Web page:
August 31, 2022

In-Depth: Community Colleges see post-pandemic enrollment boost

Fall 2022 headcounts rise after years of declines

By Jared Aarons

Community college enrollment

At Mesa College in San Diego, Vice President of Student Instruction Isabel O'Connor noticed something this fall that she hasn't seen in years.

"As I was driving to campus, there was a lot of traffic," she says. "And I was just so thrilled to see that."

Traffic issues aside, community college administrators across San Diego are thrilled to see enrollment numbers rise this year, following nearly five years of annual declines.

"It almost feels like we're at a crossroads now and people are ready to re-enroll in college," says Dr. Mark Sanchez, the President and Superintendent of Southwestern Community College.

An ABC 10News Report in April of 2021 showed how community college enrollment dropped drastically during the pandemic, in some cases by as much as 30%.

Now, many campuses say they're seeing headcounts rise as the pandemic enters a new, endemic phase.

"There is a growing sense of energy on the campuses," a spokesperson from Grossmont/Cuyamaca told ABC 10News in a statement, "With a noticeable increase in students and activities since the fall semester started."

Official numbers aren't available for the fall semester yet, as many schools see enrollment bumps in the first couple of weeks. On many campuses, shorter classes that start mid-term also factor into the final fall number.

But the San Diego Community College District says its headcount is up 7% over last year, including a 42% increase in continuing education students. Southwestern Community College is up 2%. And the Grossmont/Cuyamaca Community College District is also up 2%.

scripps photo

Only Palomar College told ABC 10News they've seen another decline, with enrollment down 5% from last year. But Superintendent/President, Dr. Star Rivera-Lacey expects that number to shrink, as "We are continuing to enroll students for the fall semester and in our 8-week sessions that will begin at the middle of the semester."

Officials at many of those schools say the return of more in-person learning is a major factor in rising enrollment.

Southwestern President Sanchez says the results from student surveys were fairly clear about that point.

"They stated pretty significantly that they wanted to be back in face-to-face courses. They wanted to receive services (on campus)," Dr. Sanchez says. "It was very important for them to have a presence on the physical campus."

But that's not the only reason. Community Colleges across San Diego have been working for the past 18 months to find solutions to other problems that kept people out of post-secondary education.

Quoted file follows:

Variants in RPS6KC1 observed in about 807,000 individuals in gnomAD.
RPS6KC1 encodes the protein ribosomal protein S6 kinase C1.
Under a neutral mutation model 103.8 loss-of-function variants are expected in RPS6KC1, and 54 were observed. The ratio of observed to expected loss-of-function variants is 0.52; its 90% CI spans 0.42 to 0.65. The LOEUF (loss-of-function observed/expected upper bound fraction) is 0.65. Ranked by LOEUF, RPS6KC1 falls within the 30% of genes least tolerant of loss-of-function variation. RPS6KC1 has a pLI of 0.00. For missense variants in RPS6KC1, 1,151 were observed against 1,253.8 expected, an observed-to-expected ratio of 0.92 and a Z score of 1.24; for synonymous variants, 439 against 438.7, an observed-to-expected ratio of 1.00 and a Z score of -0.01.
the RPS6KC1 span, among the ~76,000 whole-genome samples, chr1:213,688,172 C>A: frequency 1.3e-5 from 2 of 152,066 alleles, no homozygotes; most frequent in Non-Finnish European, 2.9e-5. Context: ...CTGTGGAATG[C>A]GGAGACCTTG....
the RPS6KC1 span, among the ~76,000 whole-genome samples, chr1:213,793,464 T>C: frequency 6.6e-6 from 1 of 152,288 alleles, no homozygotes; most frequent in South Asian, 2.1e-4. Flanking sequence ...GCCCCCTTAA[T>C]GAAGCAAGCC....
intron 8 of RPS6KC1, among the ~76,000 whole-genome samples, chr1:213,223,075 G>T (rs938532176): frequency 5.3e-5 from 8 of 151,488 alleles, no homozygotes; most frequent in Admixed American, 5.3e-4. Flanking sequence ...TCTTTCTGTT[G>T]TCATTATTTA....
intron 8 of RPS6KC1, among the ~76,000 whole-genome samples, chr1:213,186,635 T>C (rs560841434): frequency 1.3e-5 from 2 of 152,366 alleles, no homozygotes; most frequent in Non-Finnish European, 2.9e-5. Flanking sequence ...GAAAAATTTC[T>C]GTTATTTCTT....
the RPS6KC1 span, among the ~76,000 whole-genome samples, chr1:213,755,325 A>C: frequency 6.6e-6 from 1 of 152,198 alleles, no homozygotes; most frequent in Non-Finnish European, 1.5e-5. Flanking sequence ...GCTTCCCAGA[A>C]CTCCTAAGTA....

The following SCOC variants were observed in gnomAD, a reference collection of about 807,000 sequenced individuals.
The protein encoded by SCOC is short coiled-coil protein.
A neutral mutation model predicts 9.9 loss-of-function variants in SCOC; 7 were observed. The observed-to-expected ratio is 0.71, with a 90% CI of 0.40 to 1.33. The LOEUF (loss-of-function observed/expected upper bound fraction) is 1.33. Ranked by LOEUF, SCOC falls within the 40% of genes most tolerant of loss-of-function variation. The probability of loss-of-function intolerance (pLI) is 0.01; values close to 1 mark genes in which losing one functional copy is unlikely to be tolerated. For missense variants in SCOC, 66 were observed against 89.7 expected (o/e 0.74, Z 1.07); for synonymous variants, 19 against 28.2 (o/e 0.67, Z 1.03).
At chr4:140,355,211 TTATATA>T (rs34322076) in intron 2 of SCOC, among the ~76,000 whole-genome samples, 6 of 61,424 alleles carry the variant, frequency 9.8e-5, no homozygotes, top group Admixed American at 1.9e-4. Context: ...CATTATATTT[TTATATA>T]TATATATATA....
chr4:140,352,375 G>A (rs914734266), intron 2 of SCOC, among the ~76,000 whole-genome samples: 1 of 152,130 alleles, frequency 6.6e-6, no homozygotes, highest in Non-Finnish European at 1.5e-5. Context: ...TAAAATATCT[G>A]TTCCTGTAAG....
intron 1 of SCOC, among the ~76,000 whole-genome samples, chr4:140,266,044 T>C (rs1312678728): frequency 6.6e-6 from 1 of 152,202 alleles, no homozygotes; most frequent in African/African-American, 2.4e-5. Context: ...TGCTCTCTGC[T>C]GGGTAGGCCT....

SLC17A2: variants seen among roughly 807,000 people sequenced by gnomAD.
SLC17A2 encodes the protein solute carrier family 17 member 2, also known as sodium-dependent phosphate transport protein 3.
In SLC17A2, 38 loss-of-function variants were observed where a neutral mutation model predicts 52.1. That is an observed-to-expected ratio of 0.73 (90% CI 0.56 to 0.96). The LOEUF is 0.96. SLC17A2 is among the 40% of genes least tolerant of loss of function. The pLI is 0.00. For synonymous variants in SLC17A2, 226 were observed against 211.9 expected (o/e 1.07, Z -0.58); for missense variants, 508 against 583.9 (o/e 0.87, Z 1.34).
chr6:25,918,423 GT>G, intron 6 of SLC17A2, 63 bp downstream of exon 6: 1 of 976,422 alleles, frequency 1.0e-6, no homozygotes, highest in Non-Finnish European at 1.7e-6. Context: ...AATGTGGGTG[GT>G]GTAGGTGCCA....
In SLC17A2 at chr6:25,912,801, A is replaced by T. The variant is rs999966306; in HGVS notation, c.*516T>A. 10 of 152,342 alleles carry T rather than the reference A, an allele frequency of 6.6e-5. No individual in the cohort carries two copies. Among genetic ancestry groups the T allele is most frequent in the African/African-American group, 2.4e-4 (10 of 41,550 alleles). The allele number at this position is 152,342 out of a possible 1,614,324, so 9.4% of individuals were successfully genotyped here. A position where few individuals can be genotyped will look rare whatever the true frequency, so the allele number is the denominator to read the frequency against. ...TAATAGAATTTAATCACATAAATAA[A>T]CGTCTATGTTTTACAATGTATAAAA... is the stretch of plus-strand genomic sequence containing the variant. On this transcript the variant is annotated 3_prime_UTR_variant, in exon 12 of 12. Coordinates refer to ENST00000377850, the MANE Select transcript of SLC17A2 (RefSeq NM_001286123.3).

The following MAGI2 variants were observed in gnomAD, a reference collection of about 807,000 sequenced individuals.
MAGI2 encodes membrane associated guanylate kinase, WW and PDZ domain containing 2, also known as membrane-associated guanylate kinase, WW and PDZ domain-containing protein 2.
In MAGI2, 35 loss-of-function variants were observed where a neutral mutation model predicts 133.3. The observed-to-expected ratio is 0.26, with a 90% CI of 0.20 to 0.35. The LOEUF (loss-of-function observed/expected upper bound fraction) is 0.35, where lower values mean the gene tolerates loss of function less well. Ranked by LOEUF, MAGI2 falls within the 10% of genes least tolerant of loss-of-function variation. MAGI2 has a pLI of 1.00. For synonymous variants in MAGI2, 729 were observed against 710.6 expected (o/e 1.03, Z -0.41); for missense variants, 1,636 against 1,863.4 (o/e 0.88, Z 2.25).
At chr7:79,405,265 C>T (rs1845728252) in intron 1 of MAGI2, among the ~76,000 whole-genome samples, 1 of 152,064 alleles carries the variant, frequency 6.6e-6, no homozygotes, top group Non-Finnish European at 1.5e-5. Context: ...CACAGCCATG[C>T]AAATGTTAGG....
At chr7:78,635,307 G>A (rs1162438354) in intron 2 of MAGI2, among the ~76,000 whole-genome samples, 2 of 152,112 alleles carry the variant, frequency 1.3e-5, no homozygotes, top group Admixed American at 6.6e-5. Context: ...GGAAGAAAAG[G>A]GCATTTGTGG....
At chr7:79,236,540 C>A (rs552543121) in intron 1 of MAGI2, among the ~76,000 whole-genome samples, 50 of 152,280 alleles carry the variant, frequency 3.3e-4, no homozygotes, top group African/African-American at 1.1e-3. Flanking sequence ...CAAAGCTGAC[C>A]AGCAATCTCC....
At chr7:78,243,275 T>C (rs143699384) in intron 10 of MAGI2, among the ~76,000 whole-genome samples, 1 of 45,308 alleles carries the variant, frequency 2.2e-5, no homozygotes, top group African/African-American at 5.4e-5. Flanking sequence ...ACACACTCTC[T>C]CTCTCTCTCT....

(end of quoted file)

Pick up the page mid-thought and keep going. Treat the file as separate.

"We have to look at how we support the holistic students and really look at what the students want and need," says Dr. O'Connor from Mesa College. "What is the best way to offer a course? What's the best modality?"

Community Colleges have offered a number of ways to reduce costs and make classes fit into the students' schedules. SDCCD announced record enrollment in this fall's Promise Program, which gives free tuition and more to students that qualify. The schools also expanded their use of zero-cost textbooks, free supplies like calculators and computers for students, and more flexible class and tutoring times.

Southwestern Community College used federal and state COVID-19 relief funds to forgive around $4 million in student debt as a way to entice people to re-enroll. The school also reached out directly to former students who hadn't completed their degrees.

"We intentionally marketed to those students around how close they were to completing their educational goal and really encouraged them to come back and complete the goal," says Dr. Sanchez.

Like Palomar, many community colleges are also offering shorter classes that take weeks instead of months to complete. It's all an effort to make post-secondary education more enticing and more rewarding.

And while these changes didn't bring enrollment back to the numbers they were before the Pandemic, officials say it's a good start.

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About San Diego Mesa College

San Diego Mesa College is a fully accredited, comprehensive college committed to equity and excellence. We honor our diverse community of students, faculty, professional staff, and administrators who collaborate to foster scholarship, leadership, access, and innovation in an inclusive learning environment. By promoting student learning and achievement that leads to degrees and certificates, transfer, workforce training, and lifelong learning, we empower our students to reach their educational goals and shape their future. Among the largest community colleges in California, Mesa serves 25,000 students per year, 25% of whom are full-time. Mesa offers nearly 200 associate degree and certificate programs and is one of 15 California community colleges offering a four-year baccalaureate degree. Mesa ranks as San Diego’s top transfer institution, is a proud Hispanic Serving Institution (HSI), an Asian American and Native American Pacific Islander Serving Institution (AANAPISI), and a Military Friendly School, serving nearly 2,500 veterans and their families.


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